Few takers for affordable rentals
Orcas Island, WA - 3/22/03 - Affordable rentals are sitting vacant on Orcas Island, and with no certainty that a demand for local housing will be appearing soon.
This could mark a dramatic change on an island where, for the past 20 years or more, a landlord with an affordable, year-round rental was all but guaranteed to have prospective tenants knocking on the door, pleading to be taken, regardless of the condition of the unit.
Up until this past year, prospective renters could regularly be found checking local bulletin boards or lining up at local stores early Wednesday mornings, waiting to check the local paperís classified ad section so they could beat others in what was often a weekly race for an affordable place to rent. Word-of-mouth alone often did the trick. Even affordable rentals that were only available during the so-called off-season, from September to May were often filled.
The changing situation has stunned Karen Speck, property manager with Cherie L. Lindholm Real Estate. Speck, who has been handling rentals for the past 17 years, says she has never before seen so many units sitting empty.
Last week Speck placed a classified ad for nine rentals that, she says, were occupied last year. (There were 16 units listed for rent in the March 12, 2003 Sounder, compared to six in the March 13, 2002 edition of the paper.) Nine are advertised by Cherlie L. Lindholm Real Estate all available year-round. One studio-apartment lists for $360 a month, while three others go for $450 monthly. The highest priced rental on her list goes for $1350 a month. Speck admits that she got some expressions of interest regarding these rentals in the last week or two, but not much.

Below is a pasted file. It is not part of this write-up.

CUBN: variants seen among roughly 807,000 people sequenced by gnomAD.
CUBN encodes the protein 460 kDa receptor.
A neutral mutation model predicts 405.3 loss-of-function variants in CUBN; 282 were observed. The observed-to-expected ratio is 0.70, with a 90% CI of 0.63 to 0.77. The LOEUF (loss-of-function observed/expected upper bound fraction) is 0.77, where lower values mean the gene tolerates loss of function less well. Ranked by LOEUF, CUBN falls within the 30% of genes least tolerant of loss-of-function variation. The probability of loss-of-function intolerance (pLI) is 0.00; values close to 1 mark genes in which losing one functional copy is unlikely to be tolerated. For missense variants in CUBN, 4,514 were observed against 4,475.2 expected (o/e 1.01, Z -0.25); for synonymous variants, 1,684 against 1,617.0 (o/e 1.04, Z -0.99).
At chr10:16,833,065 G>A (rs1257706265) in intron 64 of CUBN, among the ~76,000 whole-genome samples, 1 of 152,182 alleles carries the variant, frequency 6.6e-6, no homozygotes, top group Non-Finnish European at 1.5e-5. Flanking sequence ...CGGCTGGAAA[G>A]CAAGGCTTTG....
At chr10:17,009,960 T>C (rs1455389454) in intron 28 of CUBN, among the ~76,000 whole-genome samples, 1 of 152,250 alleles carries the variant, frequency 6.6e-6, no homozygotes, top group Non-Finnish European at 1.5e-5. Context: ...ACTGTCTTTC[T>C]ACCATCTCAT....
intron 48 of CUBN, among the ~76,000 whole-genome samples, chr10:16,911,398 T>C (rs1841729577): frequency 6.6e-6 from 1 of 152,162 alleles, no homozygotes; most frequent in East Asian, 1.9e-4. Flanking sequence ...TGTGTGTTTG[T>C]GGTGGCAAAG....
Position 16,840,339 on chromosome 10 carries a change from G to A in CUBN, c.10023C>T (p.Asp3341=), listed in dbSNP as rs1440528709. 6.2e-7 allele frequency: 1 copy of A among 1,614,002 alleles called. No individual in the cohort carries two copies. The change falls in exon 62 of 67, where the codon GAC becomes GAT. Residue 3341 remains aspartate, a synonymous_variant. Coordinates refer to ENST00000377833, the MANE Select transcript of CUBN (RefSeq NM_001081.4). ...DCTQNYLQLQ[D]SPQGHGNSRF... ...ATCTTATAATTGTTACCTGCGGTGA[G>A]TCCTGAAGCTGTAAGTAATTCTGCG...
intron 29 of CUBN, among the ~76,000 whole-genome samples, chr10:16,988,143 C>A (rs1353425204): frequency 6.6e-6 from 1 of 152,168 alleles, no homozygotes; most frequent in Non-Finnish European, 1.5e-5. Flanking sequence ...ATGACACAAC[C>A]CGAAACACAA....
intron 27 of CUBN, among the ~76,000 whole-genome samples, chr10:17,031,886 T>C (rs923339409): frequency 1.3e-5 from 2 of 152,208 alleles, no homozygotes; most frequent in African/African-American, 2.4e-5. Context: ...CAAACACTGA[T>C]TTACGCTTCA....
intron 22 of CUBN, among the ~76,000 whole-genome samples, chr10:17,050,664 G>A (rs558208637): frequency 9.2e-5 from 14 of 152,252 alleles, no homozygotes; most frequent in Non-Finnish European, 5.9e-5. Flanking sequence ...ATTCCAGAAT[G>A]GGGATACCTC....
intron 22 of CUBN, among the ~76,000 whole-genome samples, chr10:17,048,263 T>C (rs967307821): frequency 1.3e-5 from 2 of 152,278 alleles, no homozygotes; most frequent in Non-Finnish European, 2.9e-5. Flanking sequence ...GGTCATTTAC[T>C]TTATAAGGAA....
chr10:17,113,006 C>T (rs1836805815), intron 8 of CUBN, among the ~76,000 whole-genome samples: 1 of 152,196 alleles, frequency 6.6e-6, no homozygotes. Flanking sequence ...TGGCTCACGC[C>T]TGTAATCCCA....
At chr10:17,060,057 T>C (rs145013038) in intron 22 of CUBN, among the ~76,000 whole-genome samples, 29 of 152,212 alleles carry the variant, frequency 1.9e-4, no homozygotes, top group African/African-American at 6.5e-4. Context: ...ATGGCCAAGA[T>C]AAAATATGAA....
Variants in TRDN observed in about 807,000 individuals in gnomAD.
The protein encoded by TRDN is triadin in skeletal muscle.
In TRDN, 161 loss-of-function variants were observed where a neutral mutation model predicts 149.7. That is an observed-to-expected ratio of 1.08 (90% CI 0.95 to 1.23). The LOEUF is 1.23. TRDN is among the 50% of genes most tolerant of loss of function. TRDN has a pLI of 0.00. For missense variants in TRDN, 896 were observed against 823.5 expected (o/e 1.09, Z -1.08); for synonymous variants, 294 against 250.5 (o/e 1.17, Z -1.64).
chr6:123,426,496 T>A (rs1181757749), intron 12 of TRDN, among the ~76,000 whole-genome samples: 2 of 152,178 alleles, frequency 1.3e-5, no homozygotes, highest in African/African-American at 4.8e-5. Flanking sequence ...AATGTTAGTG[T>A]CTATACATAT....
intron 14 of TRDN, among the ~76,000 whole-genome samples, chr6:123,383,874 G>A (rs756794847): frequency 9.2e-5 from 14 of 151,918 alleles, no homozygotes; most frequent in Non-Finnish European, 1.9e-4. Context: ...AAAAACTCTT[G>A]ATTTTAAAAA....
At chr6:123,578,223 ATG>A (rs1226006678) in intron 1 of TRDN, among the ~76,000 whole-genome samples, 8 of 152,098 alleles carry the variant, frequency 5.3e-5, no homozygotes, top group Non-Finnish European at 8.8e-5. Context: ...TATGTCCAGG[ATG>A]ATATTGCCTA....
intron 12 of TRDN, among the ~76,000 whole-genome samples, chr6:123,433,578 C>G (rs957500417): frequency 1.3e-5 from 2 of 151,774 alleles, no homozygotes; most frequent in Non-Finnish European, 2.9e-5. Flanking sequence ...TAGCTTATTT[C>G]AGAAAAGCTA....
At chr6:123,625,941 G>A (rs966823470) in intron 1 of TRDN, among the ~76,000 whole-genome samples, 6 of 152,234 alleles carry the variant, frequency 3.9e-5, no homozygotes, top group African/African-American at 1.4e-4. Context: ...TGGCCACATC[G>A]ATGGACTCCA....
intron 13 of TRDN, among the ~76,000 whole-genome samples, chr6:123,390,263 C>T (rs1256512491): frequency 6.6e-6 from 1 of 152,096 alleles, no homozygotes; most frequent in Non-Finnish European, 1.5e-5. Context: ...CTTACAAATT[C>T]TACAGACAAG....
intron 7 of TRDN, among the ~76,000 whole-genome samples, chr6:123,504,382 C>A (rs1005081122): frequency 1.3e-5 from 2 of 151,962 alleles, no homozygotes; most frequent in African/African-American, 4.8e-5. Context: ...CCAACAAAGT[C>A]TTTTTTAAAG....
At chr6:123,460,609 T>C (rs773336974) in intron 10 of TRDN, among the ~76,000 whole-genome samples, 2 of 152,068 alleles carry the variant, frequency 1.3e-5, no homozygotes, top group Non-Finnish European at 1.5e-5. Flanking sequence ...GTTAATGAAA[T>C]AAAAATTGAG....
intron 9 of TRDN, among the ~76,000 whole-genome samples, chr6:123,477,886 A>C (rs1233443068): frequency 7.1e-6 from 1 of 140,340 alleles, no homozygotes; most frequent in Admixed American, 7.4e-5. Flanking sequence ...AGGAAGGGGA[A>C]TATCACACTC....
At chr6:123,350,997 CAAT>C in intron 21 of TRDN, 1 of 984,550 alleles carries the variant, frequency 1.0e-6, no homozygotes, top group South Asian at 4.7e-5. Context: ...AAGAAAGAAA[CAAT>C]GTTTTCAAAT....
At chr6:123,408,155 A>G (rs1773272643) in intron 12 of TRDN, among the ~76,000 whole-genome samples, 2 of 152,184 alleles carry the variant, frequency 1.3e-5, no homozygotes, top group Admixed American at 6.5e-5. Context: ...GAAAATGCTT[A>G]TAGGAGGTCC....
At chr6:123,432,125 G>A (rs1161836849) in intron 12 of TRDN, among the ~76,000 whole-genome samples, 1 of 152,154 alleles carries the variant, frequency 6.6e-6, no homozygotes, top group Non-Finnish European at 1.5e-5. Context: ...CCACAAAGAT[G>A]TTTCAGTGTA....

The other seven rentals listed in the classified ad section include a cottage for $475 a month, a three-bedroom home for $800 a month, and a two-bedroom cottage for $875 a month.
Speck believes there are three reasons why so many rentals are now vacant: 1) the economy; 2) the OPAL Community Land Trust; and 3) Rosario Resort, which was closed during the winter.
OPAL has created affordable home ownership for 50 households since 1996. It now is in the planning stages to build seven rental units scheduled to be completed by December 2003. The local land trust will be constructing five one-bedroom apartments, at $325 per month, and two three-bedroom apartments, at $650 a month. To date, OPAL has yet to advertise for renters, says Executive Director Lisa Byers, admitting that the local land trust is paying close attention to the rental housing market on Orcas Island.
Rosario, which will be reopening April 1 after being shut down for the past four months, built a housing complex for 39 of its employees in 1999. Last year it added another 24 beds on the property which are reserved for workers at the resort.
Many employees who worked in Colorado for the winter at resorts affiliated with Rosario are now returning to the island. But a spokesperson for the resort didnít know how much demand for rental housing on the island would be created prior to summer. The spokesperson did indicate that there will be a large demand for seasonal rentals when the peak season begins.
One who is not surprised by the rental housing vacancies is Superintendent
Barry Acker, who has watched as enrollment at the school has declined
dramatically over the past couple years. Last summer, 25 students
left the elementary school, 18 of them when their families moved off-island.
The school surveyed all those who departed to find out why they were
leaving. Most said they couldnít afford to stay, according to Acker.
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